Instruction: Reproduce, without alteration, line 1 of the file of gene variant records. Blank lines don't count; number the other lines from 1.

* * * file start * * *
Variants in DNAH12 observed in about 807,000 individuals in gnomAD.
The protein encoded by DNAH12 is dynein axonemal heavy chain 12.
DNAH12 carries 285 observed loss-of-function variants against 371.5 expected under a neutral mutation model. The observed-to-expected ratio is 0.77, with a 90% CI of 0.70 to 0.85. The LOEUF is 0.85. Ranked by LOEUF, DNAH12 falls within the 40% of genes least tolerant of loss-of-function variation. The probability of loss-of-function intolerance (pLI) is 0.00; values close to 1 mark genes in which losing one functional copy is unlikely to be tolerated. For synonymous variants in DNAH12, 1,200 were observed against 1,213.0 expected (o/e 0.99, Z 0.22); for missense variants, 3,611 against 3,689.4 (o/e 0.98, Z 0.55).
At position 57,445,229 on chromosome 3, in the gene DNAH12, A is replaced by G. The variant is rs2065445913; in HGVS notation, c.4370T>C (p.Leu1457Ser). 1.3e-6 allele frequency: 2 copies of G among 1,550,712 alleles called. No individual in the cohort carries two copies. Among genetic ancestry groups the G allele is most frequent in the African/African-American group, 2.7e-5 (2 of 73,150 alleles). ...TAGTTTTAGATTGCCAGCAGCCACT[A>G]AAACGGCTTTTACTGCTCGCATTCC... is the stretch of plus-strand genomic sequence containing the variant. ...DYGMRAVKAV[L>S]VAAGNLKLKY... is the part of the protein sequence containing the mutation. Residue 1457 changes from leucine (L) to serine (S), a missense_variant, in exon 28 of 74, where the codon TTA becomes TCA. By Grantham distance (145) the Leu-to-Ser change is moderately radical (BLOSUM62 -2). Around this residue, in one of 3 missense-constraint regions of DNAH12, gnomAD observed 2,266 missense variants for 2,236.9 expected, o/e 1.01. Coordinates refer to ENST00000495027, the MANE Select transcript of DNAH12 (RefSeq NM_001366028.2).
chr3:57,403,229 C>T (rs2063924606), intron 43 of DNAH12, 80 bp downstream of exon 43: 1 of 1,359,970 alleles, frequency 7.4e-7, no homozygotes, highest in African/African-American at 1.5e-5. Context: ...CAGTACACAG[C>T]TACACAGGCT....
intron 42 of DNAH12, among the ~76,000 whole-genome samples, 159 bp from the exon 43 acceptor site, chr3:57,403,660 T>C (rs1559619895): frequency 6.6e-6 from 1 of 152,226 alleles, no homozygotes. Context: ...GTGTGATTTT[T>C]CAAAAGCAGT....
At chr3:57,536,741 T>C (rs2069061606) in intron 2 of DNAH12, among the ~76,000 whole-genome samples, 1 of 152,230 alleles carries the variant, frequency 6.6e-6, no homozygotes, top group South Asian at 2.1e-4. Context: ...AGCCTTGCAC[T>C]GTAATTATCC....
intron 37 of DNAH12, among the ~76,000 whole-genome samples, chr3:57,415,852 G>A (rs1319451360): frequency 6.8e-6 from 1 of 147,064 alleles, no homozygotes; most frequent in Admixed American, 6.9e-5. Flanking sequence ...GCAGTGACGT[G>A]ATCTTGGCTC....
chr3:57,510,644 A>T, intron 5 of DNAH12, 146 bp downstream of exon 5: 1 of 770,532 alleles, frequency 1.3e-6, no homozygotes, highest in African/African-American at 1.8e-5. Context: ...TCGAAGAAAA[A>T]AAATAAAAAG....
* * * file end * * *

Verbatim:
Variants in DNAH12 observed in about 807,000 individuals in gnomAD.